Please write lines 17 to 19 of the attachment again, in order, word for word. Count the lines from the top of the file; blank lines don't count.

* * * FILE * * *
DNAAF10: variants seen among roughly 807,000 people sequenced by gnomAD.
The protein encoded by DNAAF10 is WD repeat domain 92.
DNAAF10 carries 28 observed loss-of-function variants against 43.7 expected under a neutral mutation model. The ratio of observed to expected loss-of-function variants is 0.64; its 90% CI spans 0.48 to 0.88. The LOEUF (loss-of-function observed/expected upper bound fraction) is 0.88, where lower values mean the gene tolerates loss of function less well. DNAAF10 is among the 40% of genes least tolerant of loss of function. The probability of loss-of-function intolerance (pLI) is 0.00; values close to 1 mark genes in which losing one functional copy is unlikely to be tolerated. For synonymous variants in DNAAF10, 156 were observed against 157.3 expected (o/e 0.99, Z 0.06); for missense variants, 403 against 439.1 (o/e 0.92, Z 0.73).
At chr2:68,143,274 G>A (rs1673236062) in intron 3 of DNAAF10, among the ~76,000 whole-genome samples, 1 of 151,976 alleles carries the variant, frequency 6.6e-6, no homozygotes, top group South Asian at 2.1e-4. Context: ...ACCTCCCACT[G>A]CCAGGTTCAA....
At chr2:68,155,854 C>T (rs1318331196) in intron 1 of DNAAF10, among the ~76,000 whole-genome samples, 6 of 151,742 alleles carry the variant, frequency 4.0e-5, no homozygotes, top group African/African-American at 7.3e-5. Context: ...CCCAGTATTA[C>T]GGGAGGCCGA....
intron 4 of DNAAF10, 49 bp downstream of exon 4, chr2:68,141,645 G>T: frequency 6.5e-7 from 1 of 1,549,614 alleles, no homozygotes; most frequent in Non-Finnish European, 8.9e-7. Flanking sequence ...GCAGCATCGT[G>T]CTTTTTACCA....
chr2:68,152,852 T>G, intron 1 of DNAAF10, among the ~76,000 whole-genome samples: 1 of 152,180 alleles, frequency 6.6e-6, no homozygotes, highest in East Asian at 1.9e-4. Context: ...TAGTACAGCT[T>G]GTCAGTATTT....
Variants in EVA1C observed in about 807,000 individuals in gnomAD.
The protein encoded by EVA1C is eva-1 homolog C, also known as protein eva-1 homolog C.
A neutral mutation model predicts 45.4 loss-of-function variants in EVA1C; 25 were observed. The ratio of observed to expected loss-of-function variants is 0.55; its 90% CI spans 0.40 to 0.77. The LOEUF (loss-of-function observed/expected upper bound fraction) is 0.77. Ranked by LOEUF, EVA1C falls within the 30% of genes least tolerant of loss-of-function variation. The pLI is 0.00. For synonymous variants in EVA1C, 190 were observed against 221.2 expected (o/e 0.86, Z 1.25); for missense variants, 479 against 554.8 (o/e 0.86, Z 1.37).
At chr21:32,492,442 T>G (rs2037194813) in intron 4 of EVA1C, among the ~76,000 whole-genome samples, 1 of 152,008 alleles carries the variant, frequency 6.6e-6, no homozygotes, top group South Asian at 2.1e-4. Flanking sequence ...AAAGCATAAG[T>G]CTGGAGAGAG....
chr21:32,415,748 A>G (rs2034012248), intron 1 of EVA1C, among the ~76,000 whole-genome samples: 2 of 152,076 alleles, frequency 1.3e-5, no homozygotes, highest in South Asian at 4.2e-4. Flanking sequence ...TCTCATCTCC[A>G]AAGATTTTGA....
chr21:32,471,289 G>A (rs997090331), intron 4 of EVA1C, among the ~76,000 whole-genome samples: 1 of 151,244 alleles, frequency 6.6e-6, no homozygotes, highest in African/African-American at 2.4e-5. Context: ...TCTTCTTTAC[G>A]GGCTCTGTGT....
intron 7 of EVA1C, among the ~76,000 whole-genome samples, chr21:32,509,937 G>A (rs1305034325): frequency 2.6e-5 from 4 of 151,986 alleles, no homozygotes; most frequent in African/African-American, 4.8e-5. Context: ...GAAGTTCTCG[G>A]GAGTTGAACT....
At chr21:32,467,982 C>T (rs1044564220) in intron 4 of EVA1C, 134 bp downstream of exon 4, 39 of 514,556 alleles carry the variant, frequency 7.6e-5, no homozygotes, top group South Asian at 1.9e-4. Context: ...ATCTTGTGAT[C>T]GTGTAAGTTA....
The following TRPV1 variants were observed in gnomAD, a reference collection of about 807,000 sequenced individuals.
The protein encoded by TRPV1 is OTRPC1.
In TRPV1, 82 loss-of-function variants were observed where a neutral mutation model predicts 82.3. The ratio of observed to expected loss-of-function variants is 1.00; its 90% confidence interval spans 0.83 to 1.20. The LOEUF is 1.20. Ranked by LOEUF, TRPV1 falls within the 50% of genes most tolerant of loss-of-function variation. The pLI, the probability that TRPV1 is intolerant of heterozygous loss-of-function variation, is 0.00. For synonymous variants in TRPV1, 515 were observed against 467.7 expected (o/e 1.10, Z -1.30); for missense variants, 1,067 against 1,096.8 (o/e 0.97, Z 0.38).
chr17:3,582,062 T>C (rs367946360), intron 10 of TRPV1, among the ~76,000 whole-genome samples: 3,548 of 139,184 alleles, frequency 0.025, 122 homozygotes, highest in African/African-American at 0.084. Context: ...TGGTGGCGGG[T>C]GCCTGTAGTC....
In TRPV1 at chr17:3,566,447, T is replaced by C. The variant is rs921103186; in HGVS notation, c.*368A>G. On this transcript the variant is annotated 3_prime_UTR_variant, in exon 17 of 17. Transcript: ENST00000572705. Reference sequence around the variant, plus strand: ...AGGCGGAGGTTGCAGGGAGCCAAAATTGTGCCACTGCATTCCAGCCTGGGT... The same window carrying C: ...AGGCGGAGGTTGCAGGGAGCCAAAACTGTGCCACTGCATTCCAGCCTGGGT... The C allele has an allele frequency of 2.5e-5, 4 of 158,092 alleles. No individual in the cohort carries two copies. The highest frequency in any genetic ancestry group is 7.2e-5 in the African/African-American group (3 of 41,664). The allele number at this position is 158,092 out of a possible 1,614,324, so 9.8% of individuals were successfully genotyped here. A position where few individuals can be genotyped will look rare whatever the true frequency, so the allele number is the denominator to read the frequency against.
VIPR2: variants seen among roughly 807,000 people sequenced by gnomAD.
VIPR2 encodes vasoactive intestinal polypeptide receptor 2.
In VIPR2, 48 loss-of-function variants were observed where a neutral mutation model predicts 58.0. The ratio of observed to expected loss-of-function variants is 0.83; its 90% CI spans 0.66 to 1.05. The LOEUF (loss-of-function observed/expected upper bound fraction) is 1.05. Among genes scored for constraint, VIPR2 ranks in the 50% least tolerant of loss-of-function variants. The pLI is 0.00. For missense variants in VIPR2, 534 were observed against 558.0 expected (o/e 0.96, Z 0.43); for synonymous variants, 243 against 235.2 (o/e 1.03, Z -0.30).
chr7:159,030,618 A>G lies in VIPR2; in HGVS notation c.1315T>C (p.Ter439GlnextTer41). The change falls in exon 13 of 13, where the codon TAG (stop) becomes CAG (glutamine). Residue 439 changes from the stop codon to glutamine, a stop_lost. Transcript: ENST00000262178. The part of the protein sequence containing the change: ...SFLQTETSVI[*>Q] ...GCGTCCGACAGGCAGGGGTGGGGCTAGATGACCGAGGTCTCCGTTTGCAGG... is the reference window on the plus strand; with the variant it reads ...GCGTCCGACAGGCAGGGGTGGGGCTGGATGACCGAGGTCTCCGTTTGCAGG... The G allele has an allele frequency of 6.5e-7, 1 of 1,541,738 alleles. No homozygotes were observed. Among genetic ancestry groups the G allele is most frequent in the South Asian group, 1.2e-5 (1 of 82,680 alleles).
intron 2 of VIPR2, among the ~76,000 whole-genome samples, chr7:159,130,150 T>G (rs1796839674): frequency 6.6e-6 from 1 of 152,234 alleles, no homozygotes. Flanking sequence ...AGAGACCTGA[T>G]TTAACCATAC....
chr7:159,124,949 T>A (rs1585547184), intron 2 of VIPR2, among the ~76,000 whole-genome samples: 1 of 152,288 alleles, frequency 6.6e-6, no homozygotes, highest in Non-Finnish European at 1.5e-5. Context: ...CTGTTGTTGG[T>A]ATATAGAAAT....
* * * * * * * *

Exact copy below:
The protein encoded by TRPV1 is OTRPC1.
In TRPV1, 82 loss-of-function variants were observed where a neutral mutation model predicts 82.3. The ratio of observed to expected loss-of-function variants is 1.00; its 90% confidence interval spans 0.83 to 1.20. The LOEUF is 1.20. Ranked by LOEUF, TRPV1 falls within the 50% of genes most tolerant of loss-of-function variation. The pLI, the probability that TRPV1 is intolerant of heterozygous loss-of-function variation, is 0.00. For synonymous variants in TRPV1, 515 were observed against 467.7 expected (o/e 1.10, Z -1.30); for missense variants, 1,067 against 1,096.8 (o/e 0.97, Z 0.38).
chr17:3,582,062 T>C (rs367946360), intron 10 of TRPV1, among the ~76,000 whole-genome samples: 3,548 of 139,184 alleles, frequency 0.025, 122 homozygotes, highest in African/African-American at 0.084. Context: ...TGGTGGCGGG[T>C]GCCTGTAGTC....